A reading of a Shakespeare sonnet
Shakespeare’s Sonnet 24 begins with the line ‘Mine eye hath played the painter and hath stell’d …’, thus picking up on two now familiar tropes from the Sonnets: the role of the eye in discerning things (see the previous sonnet) and the use of painting as a metaphor or analogue for poetry. Below are some notes towards an analysis of Sonnet 24 in terms of its meaning.
Mine eye hath played the painter and hath stell’d,
Thy beauty’s form in table of my heart;
My body is the frame wherein ’tis held,
And perspective that is best painter’s art.
For through the painter must you see his skill,
To find where your true image pictured lies,
Which in my bosom’s shop is hanging still,
That hath his windows glazed with thine eyes.
Now see what good turns eyes for eyes have done:
Mine eyes have drawn thy shape, and thine for me
Are windows to my breast, where-through the sun
Delights to peep, to gaze therein on thee;
Yet eyes this cunning want to grace their art,
They draw but what they see, know not the heart.
The last sonnet was puzzling, and this one presents something of a challenge to the reader seeking to analyse and interpret the poet’s meaning. What should we make of Sonnet 24, especially that curiously worded fourth line?
Well, in summary, Shakespeare begins by saying that his eye has been like a painter in that it has engraved (‘stelled’ means carved or painted; it is sometimes altered by editors of the Sonnets to ‘steeled’, though that would ruin the rhyme with ‘held’) the beautiful form of the Fair Youth in the ‘table’ of the poet’s heart (‘table’ here referring to something that can be drawn or painted on). Like a painting, the Youth’s beauty is ‘framed’ in the poet’s body (because the poet surrounds the Youth), and the painter’s art of ‘perspective’, the painter’s great art or talent, also surrounds the Youth. This fourth line is a nightmare for editors seeking to gloss the Sonnets! Don Paterson, in his insightful and entertaining Reading Shakespeare’s Sonnets: A New Commentary (Paterson also uses the word ‘nightmare’ of this line), suggests that the unusual scansion of ‘perspective’ here (pronounced ‘PERspectIVE’ rather than ‘perSPECTive’, the more usual way) may suggest that ‘perspective’ is a verb, though what ‘to perspective it’ would mean here remains unclear. Although it’s open to question, we prefer to analyse lines 3-4 in the following way: if in line 3 the poet is talking about his body being a metaphorical ‘frame’ that surrounds and envelops the Youth, then his ‘perspective’ would needless to say be rather up-close and personal; his ‘perspective’, he is winningly implying, is improved by being so close to the Youth, and the only reason he needs to get so intimate with him is, ahem, in the service of great art. We may be wide of the mark with this reading, so would welcome your suggestions for an alternative analysis or reading of this section below.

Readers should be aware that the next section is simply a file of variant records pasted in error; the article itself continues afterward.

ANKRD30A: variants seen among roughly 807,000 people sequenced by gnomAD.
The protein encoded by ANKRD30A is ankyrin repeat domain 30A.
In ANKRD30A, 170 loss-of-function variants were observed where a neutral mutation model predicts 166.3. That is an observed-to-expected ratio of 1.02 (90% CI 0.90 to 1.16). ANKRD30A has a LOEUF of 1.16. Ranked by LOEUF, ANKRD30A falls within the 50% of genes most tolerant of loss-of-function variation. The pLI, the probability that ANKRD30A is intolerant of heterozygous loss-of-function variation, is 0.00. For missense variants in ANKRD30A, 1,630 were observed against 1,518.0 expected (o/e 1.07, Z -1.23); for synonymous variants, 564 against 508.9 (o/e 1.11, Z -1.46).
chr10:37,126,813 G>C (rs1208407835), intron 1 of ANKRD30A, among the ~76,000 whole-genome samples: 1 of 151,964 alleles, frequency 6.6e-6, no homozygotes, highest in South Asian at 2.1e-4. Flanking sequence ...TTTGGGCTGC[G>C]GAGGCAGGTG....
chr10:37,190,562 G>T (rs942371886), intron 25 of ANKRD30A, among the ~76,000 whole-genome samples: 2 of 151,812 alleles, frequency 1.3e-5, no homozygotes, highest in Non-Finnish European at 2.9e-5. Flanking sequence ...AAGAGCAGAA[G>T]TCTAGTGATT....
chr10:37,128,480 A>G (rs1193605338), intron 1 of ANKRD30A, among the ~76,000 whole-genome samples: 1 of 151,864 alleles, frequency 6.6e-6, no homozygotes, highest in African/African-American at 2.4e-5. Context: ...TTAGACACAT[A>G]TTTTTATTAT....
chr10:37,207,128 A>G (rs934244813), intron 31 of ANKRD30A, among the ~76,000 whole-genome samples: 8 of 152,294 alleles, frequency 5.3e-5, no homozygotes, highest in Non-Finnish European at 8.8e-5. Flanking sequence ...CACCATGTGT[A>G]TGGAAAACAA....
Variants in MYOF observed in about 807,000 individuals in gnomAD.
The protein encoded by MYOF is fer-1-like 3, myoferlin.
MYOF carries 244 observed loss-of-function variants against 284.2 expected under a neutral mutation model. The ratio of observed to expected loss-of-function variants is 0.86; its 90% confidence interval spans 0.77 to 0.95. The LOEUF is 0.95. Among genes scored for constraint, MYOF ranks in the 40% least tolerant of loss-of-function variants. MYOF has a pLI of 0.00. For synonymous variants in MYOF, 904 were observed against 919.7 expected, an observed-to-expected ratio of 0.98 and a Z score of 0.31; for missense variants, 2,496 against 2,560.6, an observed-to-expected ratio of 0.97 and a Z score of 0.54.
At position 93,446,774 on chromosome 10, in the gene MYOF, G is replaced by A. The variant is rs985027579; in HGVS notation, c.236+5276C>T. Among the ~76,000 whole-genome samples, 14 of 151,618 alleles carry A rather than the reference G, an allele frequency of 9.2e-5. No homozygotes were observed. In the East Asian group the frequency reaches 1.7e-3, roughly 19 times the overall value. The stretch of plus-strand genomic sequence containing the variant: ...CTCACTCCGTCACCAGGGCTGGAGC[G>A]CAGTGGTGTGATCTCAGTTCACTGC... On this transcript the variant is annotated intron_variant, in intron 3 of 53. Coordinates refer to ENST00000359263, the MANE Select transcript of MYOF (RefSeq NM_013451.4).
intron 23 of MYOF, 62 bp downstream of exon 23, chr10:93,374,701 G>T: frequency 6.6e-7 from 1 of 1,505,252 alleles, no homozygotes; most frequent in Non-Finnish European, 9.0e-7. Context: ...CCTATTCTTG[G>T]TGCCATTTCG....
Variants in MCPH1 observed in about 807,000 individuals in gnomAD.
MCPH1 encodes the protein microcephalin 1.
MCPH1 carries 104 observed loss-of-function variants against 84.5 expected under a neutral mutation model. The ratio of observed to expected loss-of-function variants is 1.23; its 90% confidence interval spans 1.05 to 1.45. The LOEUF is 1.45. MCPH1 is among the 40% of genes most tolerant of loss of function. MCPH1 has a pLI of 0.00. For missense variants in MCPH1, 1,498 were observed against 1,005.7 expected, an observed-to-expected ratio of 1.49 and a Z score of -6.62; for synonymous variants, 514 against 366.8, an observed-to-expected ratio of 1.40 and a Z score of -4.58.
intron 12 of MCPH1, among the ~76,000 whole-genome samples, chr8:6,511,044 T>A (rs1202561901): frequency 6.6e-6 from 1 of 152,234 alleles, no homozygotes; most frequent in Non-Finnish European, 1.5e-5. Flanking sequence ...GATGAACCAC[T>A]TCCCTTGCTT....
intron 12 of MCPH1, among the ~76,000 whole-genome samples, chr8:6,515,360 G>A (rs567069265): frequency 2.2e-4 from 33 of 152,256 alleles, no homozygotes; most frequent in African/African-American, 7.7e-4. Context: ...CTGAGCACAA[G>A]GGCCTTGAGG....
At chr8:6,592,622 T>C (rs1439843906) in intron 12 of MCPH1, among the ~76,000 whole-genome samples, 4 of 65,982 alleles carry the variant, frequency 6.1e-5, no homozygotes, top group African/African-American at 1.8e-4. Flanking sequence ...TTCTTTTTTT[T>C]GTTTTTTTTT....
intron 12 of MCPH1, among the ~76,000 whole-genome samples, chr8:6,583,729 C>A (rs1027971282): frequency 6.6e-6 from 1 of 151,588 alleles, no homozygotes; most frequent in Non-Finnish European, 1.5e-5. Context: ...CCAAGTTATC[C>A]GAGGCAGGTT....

Anyway, in lines 5-8 things become a bit clearer. Shakespeare makes a general point about art, that it is through observing the painter’s work that we see the ‘true image’ of something, since art brings its true essence to life. In the painter’s workshop that is my heart, my portrait of you is still hanging, and the windows of this shop are your eyes, which gaze upon my heart.
In lines 9-12, Shakespeare says that there is a neat reciprocal relationship between the two, based on what their eyes have done for each other (to return to that opening line, ‘Mine eye hath played the painter’): the poet’s eyes have looked upon and depicted the Fair Youth, and the Youth’s eyes are ‘windows’ to the poet’s own soul, since Shakespeare, in looking into the Youth’s eyes, realises the love he, the poet, bears in his own heart.
Yet in the concluding couplet, Shakespeare says that he can draw what he sees, but he cannot draw the Youth’s own feelings since he cannot see into his heart. It’s as if, as in the previous sonnet, Shakespeare has made his feelings plain, but the young man is a little bit less forthcoming about how he feels towards the Bard.
Sonnet 24 is a tricky sonnet to analyse and interpret, but it’s worth the effort – though there are far better sonnets just on the horizon. Sonnet 25, for instance.
If you found this analysis of Sonnet 24 useful, you can discover more of Shakespeare’s best sonnets with ‘Like as the waves make towards the pebbled shore’, ‘When to the sessions of sweet silent thought’, and ‘Farewell! thou art too dear for my possessing’.
If you’re studying Shakespeare’s sonnets and looking for a detailed and helpful guide to the poems, we recommend Stephen Booth’s hugely informative edition, Shakespeare’s Sonnets (Yale Nota Bene). It includes all 154 sonnets, a facsimile of the original 1609 edition, and helpful line-by-line notes on the poems.